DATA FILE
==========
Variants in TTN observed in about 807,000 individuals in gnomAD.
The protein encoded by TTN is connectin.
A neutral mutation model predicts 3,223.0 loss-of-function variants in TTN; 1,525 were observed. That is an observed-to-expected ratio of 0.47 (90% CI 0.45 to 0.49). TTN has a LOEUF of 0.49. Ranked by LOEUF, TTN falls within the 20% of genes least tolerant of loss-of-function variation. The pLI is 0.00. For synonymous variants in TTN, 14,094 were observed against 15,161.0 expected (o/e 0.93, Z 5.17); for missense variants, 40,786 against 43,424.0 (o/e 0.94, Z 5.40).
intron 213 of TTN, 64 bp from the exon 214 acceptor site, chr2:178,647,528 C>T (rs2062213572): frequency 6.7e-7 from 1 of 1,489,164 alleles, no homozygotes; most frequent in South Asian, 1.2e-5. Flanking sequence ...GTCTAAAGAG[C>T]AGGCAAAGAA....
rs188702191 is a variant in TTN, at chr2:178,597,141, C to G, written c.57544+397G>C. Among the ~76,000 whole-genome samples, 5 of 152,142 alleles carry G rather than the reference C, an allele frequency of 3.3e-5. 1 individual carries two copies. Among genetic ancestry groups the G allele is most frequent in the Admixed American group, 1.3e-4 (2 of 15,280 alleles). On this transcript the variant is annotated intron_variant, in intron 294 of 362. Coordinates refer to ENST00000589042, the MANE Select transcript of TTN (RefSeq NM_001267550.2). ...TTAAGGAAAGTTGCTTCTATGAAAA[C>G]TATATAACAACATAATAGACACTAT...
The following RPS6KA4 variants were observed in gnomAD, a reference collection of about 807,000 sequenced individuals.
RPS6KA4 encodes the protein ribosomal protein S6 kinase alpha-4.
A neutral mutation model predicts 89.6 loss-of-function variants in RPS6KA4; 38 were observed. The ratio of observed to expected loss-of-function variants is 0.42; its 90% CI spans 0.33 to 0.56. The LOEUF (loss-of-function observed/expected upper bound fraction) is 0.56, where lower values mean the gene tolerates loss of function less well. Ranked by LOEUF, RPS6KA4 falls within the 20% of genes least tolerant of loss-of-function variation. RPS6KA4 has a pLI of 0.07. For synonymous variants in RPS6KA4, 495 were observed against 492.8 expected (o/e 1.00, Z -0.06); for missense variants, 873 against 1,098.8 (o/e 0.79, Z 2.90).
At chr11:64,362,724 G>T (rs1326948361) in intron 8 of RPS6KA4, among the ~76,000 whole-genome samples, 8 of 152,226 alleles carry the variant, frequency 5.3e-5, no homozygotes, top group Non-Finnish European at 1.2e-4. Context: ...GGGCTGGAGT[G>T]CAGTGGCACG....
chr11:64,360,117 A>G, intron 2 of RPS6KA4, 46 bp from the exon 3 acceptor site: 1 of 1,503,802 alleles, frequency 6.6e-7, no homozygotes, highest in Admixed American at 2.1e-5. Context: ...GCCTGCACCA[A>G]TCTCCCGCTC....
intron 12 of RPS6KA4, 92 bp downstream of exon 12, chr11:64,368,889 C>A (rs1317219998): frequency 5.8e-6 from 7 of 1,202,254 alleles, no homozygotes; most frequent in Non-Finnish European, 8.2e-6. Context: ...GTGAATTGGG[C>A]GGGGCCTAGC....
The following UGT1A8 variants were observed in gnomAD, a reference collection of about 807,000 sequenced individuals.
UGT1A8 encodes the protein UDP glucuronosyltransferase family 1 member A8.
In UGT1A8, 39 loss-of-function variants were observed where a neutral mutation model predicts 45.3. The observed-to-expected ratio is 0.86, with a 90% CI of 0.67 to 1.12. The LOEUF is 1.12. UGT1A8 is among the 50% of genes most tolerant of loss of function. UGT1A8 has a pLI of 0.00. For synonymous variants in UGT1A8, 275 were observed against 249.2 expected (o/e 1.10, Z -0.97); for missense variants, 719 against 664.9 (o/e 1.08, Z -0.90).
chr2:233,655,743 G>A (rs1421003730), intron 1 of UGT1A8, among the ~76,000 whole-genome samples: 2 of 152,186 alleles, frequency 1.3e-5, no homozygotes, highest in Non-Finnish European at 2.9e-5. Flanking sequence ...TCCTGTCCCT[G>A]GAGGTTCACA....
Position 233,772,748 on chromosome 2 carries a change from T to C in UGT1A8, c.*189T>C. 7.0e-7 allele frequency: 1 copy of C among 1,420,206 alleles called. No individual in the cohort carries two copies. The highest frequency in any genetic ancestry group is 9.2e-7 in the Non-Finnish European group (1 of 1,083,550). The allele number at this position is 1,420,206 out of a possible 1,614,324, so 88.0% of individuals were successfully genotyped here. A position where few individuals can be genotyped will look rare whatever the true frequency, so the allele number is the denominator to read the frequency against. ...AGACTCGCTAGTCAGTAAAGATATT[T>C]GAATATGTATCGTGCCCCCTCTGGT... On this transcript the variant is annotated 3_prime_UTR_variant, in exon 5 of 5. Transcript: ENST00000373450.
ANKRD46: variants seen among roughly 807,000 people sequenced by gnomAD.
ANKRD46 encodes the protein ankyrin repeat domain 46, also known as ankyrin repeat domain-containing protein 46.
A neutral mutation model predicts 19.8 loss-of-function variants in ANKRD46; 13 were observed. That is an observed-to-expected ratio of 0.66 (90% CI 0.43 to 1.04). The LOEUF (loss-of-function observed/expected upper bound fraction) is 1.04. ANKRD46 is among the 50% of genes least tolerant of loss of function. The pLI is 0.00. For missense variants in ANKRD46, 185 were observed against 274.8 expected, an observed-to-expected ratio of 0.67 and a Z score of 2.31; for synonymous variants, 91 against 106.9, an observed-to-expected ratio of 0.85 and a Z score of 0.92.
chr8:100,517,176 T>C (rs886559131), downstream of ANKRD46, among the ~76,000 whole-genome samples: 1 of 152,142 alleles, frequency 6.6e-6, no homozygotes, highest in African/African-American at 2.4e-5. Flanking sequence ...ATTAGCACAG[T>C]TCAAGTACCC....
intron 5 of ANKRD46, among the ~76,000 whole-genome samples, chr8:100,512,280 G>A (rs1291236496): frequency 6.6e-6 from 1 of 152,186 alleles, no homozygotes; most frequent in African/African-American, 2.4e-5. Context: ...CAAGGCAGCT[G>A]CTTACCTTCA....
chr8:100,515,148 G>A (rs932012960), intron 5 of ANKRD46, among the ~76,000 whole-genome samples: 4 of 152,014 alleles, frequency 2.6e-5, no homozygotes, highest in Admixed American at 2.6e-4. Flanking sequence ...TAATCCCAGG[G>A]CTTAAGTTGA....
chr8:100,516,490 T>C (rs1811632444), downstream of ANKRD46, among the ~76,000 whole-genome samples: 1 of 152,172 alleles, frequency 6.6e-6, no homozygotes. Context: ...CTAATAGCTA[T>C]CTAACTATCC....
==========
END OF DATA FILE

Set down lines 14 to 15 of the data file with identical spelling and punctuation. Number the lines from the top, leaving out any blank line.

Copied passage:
In UGT1A8, 39 loss-of-function variants were observed where a neutral mutation model predicts 45.3. The observed-to-expected ratio is 0.86, with a 90% CI of 0.67 to 1.12. The LOEUF is 1.12. UGT1A8 is among the 50% of genes most tolerant of loss of function. UGT1A8 has a pLI of 0.00. For synonymous variants in UGT1A8, 275 were observed against 249.2 expected (o/e 1.10, Z -0.97); for missense variants, 719 against 664.9 (o/e 1.08, Z -0.90).
chr2:233,655,743 G>A (rs1421003730), intron 1 of UGT1A8, among the ~76,000 whole-genome samples: 2 of 152,186 alleles, frequency 1.3e-5, no homozygotes, highest in Non-Finnish European at 2.9e-5. Flanking sequence ...TCCTGTCCCT[G>A]GAGGTTCACA....